1. Distinctive Features of Franchise

            Various architectural characteristics distinguish franchising from distribution, agency agreements, and licensing agreements.It is important to identify that the only characteristics that they have in common is the fact that all involve third parties, whereby there is an agent and a principal. For example, under franchising, the franchisor is the principal and the franchisee is the agent. The franchisee conducts business with third parties (customers) on behalf of the franchisor.[27] Similarly, under agency agreements, there is a principal and an agent. The agent enters into contractual relationships with third parties on behalf of the principal. Beyond, this similarity, there are significant differences between the four. Franchising includes several components: a brand, business format (a unique retail positioning, for example, McDonalds menu are identical in all the states), economic interest, independence, and control and assistance by the franchisor. Even though independence, the use of a brand, some amount of control and even economic interest may be found in distribution, agency agreements, and licensing agreements, but the three lack a business format.

4.1 Franchising and Agency Agreements

Both agency agreements and franchising arrangements have a weaker party and a stronger party. The unequal position of the parties` position exists prior to, during, and even after the collaboration. This common imbalance in economic bargaining power can mislead people to think that agency agreements and franchising are the same thing. By definition, an agency is a self-appointed intermediary who has continuous authority to negotiate the purchase or sell of products on behalf of another party (the principal) or to negotiate and conclude the purchase or sale of products in the name and on behalf of the principal.[28] The most important aspects of this definition are independence, and the power to negotiate purchase or sale on behalf of, for, or in the principal’s name.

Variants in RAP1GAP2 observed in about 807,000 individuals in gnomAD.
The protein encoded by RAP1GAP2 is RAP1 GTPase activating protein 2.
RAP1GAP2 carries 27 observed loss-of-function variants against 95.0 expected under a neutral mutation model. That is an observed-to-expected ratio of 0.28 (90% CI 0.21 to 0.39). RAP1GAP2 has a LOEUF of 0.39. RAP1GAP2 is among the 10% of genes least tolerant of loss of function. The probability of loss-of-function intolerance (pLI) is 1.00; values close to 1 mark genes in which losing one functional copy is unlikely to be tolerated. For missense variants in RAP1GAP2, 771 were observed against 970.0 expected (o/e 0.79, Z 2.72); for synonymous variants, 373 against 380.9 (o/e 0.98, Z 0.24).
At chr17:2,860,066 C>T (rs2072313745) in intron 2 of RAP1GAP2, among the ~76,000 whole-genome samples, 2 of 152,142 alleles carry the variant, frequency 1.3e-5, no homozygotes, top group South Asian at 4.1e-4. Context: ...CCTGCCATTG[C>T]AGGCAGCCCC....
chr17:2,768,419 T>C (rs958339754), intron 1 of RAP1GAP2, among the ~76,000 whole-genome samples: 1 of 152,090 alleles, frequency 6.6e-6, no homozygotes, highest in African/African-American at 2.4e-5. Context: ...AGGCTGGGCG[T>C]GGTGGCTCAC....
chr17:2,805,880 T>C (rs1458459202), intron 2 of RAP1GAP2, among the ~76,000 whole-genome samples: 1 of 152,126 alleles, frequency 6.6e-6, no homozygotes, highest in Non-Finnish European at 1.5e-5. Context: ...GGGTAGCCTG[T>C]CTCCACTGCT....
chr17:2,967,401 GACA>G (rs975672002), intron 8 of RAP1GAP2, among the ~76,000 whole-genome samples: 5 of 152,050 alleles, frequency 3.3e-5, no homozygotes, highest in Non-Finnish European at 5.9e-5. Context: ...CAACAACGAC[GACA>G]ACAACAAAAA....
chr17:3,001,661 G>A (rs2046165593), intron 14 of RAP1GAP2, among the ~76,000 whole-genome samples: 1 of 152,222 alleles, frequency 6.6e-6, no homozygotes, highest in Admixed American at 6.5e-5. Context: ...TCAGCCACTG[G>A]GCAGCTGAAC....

On the other hand, franchisees are independent and definitely they have the right to negotiate purchases and sales under the franchisor`s brand. However, they do not do so either for or on behalf of the principal. Inevitably, franchisees have an obligation under the terms of the franchise agreement to provide notice to the public that they are independently operated owned and operated businesses working under a license issued by the franchisor. Additionally, franchisees ordinarily sell products and services on their personal behalf under the franchisor`s brand, and not on behalf, or for the franchisor. Generally, the products that franchisees sell are owned by them. That said, it is possible that a franchisee can sell products or services supplied by the franchisor. Nonetheless, there are significant differences between franchise agreements and agency agreements. The running of a franchise is done in line with the business format. An agency agreement is not. Moreover, while a principal will offer some low level assistance and exercise a low level of control over his/her agent, a franchisor provides high level assistance to the franchisee and exerts significant level of control of the use of the business format and the brand. An agency agreement is a legal document through which the title of services or goods is transferred to the purchaser by the agent. On the other hand, franchising is primarily concerned with the way in which the products/services are sold (the business format).